Intelligent Inference For Debugging Concurrent Systems
Human Cognition Research Laboratory
The Open University
Milton Keynes, England, MK7 6AA.
Tel: [+44] (0)908 65 5015
FAX: [+44] (0)908 65 3169
email: [email protected]
Abstract: This paper gives an overview of a program visualisation system
which is constructed around a model of information structuring. The? model
consists of three techniques: domain visualisation, user based? information
management and manipulation, and intelligent agent-based inference. ? This
paper will give a brief overview of the model itself, and then concentrate on
(a) novel ways of letting the user use and manipulate trace histories, and (b)
the use of knowledge based techniques to explore the information? present.
The work reported in this paper is part of a system called MRE (Brayshaw, 1991a & b, sub A, sub B). It represents a continuing evolution of program visualisation systems for logic programming (e.g. see Eisenstadt and Brayshaw, 1986, 1988; Brayshaw and Eisenstadt, 1991). In each of these systems a program is run and a trace history generated (non-termination being specially catered for). This trace history can then be reviewed by animation, manipulated according to grainsize of information, or searched. This representational environment allows both novice and experts access a wide body of information, arranged around? the concept of a visual execution model, which portrays the virtual machine as? a concrete visual entity. Such a system for Prolog is now available commercially (Expert Systems Ltd., 1990), freely for Macintoshes? (TPM, 1991), and is used for teaching on our undergraduate and post-graduate courses. In this paper we will introduce the following:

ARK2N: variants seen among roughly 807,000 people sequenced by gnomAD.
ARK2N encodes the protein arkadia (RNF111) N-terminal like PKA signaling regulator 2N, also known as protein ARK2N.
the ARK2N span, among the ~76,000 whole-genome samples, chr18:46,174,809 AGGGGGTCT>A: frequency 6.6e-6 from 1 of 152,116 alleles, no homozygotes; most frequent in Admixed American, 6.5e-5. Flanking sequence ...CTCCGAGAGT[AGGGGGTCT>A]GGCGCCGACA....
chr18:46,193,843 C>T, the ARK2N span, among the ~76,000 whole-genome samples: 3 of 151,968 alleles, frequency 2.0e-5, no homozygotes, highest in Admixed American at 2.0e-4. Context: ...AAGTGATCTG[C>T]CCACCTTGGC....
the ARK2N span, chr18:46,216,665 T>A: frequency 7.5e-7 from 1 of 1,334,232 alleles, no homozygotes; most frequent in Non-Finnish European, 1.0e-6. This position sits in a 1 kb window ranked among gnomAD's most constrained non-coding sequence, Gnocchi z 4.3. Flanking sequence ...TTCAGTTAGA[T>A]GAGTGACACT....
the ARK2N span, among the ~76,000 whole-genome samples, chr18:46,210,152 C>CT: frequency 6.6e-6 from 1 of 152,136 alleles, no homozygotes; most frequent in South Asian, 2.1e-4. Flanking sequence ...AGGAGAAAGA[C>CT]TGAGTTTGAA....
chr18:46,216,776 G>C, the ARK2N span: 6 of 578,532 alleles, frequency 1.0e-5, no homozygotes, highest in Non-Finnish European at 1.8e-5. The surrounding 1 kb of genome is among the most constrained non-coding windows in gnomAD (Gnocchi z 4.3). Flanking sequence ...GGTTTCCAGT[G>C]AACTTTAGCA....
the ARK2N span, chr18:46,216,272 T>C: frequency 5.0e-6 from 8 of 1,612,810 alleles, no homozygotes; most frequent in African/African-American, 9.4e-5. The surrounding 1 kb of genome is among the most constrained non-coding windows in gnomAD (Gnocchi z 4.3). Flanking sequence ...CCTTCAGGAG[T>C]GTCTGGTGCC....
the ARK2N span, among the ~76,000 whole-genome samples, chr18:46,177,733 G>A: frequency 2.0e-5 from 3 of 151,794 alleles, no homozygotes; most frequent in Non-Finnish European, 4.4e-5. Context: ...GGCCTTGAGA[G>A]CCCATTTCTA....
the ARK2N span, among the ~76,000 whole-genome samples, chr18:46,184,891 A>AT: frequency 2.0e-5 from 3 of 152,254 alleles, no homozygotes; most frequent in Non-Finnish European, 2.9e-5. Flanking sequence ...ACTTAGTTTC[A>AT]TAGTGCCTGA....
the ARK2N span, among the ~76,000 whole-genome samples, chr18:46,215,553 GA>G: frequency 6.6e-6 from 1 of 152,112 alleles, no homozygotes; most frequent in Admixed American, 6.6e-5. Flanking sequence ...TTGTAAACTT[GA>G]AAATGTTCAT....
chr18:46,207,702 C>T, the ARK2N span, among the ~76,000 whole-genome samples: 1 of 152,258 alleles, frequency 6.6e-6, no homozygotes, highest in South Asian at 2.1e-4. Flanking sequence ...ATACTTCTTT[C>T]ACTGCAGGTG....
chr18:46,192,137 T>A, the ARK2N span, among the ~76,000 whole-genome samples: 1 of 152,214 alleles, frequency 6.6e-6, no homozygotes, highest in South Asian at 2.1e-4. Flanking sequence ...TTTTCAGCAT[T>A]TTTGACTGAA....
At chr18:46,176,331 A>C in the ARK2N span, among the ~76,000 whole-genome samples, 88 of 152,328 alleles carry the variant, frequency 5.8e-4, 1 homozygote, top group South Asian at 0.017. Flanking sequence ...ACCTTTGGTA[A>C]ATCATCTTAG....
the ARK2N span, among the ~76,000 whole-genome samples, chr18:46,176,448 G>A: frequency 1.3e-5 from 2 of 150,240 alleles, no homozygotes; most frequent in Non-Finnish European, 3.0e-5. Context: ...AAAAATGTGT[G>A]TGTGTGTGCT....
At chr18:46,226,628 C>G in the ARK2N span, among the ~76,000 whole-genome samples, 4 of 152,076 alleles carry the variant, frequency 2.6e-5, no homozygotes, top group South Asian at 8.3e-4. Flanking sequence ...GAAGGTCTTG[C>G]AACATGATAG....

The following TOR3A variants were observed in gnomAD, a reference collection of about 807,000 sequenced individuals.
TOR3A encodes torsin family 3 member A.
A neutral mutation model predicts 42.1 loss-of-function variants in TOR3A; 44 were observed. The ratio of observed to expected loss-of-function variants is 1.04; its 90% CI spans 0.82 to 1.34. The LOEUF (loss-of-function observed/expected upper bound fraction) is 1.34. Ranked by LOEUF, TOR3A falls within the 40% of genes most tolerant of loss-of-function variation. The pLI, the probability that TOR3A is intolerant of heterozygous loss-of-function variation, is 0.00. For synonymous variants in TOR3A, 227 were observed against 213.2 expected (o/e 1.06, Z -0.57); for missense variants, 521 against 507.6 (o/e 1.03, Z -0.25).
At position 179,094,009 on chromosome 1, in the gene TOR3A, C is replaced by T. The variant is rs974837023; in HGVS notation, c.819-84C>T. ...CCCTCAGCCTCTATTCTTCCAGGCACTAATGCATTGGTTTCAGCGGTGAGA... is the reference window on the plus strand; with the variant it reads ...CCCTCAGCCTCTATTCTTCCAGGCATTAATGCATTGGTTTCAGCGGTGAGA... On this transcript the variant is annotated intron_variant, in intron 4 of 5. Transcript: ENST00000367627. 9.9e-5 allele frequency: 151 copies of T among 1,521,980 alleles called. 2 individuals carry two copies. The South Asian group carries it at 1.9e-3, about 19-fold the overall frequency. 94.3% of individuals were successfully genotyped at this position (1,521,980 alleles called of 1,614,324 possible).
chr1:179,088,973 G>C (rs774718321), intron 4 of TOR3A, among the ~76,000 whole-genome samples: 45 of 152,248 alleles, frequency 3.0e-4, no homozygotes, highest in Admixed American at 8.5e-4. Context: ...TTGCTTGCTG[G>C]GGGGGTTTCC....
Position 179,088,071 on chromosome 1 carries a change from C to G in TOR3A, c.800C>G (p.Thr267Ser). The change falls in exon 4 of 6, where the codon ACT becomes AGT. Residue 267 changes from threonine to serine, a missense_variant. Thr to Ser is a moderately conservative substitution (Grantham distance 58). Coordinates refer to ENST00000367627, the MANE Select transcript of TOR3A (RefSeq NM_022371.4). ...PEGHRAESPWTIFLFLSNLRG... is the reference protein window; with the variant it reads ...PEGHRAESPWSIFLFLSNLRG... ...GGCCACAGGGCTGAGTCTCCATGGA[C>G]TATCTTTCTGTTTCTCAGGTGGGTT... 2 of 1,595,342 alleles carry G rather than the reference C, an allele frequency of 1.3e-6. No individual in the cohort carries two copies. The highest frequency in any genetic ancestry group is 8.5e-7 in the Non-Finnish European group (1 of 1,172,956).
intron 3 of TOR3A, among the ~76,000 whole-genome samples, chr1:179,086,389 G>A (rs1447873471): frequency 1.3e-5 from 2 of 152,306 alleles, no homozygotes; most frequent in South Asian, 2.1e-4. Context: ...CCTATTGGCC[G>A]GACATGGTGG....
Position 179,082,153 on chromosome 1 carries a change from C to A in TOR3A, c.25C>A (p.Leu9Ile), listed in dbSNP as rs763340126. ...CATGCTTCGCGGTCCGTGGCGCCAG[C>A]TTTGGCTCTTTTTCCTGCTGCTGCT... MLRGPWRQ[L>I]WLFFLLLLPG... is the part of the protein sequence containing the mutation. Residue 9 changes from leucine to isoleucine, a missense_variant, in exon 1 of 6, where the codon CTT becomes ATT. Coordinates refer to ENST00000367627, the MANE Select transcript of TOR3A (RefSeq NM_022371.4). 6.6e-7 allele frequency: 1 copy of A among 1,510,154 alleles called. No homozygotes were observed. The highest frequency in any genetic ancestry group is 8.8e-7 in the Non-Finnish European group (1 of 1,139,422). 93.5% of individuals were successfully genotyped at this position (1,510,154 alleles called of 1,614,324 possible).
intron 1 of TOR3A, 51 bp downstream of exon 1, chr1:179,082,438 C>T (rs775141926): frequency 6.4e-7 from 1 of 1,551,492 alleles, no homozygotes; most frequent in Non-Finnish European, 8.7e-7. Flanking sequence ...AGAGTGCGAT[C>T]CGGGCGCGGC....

? visually programmed search agents that allow large information areas to be search, either as a result of particular behest of the user or via? continual monitoring.
? agents can be augmented by a simple temporal logic in order to allow users? to reason about time in relation to the occurance of symptomatic clusters? of behaviours.
1This work is currently supported by a MRC/SERC/ESRC UK Joint Research Council Grant #89/CS31, the support of which is gratefully acknowledged.